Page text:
Methods used in teaching and assessment
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This page mainly gives definitions. There are some examples of e-learning methods, notably blogs and wikis, at the examples page, and some documents on this topic at the pages under the References heading in the menu.

authentic assessment

blogging - blogs provide an alternative or addition to more traditional forms of student writing.

case method of teaching - particularly associated with the teaching of MBA students at the Harvard Business School

casebook method - the main method used for teaching law in some countries

case study

cloze tests

collaborative learning

concept maps

critical incident technique - This dictionary entry focuses on the use of CIT for analysing behaviour in situations, but CIT can be used as an assessment tool. See, for example, this report.

extended matching items


learning logs


letter to a friend - A form of assessment in which a student is asked to compose a letter to a friend (real or imaginary), who is thinking of enrolling in the unit, and describing his or her own experiences (Trigwell & Prosser, 1990; cited in Biggs, 2003). This form of writing indicates how well the student is able to integrate different aspects of a topic, as well as to reflect on them. Instructors may also learn something valuable about their classes from the feedback provided.

matching items - each item in one set is matched with an item in a second set (e.g. “Match the brain regions on the left with the cognitive functions shown on the right”).

multiple-choice questions (MCQs)

open-book examination - An examination in which students may bring certain materials to the exam (e.g. notes, books). Often combined with the seen exam format.

ordered-outcome items - In an assessment, these are a series of questions on the same topic, each of which the student is expected to answer. The questions are ordered in a hierarchy of complexity, from the simplest to the most complex. Biggs (2003, p.183) gives the following example of an ordered-outcome item for physiotherapy students:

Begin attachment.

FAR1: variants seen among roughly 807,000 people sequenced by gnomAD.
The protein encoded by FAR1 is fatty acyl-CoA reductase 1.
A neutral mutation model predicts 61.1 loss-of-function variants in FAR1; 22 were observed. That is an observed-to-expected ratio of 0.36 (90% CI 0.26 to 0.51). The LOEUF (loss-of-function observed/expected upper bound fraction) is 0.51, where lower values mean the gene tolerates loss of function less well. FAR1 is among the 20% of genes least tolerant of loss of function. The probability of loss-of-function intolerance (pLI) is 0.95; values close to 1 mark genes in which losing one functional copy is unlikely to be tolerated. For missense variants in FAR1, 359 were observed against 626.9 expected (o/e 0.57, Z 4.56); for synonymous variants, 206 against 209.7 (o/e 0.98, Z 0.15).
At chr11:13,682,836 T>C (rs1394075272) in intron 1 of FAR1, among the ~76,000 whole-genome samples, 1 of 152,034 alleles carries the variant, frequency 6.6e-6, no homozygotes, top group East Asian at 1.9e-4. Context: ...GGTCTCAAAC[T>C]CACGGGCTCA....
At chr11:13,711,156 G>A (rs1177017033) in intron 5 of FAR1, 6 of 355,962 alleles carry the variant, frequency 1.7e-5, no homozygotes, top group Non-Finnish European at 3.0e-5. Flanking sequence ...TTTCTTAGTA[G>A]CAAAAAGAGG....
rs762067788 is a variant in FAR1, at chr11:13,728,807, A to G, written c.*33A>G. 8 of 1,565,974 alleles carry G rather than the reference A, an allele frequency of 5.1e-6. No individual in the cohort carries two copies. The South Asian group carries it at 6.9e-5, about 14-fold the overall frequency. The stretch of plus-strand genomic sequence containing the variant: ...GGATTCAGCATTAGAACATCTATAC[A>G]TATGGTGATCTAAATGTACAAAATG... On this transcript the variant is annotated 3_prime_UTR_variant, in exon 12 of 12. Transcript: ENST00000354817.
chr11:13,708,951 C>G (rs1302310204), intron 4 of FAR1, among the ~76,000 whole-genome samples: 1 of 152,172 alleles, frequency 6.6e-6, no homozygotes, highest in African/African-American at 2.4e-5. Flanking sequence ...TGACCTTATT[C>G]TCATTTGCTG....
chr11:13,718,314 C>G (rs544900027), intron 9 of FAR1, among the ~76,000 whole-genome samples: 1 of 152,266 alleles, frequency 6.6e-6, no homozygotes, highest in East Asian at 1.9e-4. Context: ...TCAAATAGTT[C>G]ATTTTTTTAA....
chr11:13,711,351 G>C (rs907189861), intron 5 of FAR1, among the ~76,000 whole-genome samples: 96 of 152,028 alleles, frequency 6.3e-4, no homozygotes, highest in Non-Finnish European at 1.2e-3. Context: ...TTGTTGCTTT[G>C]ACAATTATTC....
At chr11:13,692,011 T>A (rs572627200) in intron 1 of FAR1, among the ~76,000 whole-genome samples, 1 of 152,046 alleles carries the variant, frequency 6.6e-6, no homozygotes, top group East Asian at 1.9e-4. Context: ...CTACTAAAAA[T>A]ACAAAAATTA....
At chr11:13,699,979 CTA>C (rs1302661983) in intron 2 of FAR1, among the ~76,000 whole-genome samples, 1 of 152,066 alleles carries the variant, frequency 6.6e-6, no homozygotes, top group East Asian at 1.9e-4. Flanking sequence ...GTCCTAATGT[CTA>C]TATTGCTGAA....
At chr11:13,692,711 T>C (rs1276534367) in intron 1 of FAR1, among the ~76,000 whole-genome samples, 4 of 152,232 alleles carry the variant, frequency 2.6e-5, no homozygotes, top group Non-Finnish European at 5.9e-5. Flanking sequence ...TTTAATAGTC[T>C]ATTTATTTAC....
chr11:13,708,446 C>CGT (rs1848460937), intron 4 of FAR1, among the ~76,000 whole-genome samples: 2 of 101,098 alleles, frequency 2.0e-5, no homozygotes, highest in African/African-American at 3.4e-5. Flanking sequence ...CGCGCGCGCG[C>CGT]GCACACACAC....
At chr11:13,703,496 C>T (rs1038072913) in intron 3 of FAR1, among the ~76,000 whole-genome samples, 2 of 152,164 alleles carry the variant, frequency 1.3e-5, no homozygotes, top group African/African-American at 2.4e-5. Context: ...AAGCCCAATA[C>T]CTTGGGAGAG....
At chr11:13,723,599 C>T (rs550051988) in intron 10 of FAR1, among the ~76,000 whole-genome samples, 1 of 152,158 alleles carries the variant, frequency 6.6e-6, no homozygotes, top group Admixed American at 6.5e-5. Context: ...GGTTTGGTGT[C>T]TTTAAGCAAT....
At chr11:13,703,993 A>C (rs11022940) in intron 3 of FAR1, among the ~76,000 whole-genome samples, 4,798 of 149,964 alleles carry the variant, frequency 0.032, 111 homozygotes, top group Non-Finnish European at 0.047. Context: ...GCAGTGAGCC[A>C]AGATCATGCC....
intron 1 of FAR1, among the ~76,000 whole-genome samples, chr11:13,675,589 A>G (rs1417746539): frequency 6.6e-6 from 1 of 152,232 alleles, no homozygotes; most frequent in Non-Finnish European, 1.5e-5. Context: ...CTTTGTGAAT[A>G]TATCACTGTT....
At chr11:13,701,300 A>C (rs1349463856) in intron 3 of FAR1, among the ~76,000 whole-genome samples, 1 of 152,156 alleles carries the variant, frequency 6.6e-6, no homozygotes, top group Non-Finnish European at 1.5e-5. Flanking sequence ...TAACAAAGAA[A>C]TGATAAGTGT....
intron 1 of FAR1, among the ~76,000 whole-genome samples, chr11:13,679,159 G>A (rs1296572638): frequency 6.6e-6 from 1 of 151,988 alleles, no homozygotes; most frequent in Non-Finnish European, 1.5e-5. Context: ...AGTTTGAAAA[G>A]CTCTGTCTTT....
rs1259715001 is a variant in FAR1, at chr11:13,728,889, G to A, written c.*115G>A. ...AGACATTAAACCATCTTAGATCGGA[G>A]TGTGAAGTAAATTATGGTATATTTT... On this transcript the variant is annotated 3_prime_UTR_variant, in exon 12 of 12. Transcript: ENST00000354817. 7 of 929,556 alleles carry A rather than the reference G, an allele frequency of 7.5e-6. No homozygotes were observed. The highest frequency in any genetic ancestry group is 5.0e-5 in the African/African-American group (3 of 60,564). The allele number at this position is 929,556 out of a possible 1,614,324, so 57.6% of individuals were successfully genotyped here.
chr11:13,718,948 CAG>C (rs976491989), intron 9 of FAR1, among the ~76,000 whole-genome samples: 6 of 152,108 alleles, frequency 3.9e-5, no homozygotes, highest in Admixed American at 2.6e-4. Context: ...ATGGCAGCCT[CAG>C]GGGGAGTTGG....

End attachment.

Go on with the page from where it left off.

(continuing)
1. When is the asthma attack most severe during the day?
  2. Is an asthmatic patient physically fitter at 1pm or 8pm?
  3. Do you expect an asthmatic patient to sleep well at night? Give your reasons.
  4. Advise an asthmatic patient how to cope with diurnal variation in symptoms.

peer tutoring

powerpoint presentation - Can be used as a teaching method or an assessment method. For guidance on compelling powerpoint presentations, see the book by Kosslyn (2007).

portfolio - A collection of documents intended to demonstrate a student's abilities; this can include the e-portfolio or digital portfolio. Students may be asked to include a selection of their best work from a range of items.

poster presentation

problem-based learning (PBL)

wikis - the construction of wiki sites is another alternative to traditional writing, and is well-suited to collaborative work.

reflective writing

seen examination - Some information about the exam (other than general structure) is released to students prior to the exam. They may be told the general topics that will appear or the specific questions. This format may sometimes be combined with the open book format.

three-minute essay. This is recommended by Biggs (2003) for large classes, in particular. In advance of a class, students are asked to read around and think about what they hope to learn from the class. At the end of the class itself, students are given three minutes to describe the main point that they learned from the class. They might also address any major issue that was left unanswered. This method can be used for formative or summative assessment.

unseen examination - This method of assessment is widely used for its administrative convenience and because it makes cheating difficult. However, it is sometimes criticized for encouraging memorisation rather than real thinking ("backwash"; see Biggs, 2003) and for disadvantaging those who are especially anxious in pressurised situations.

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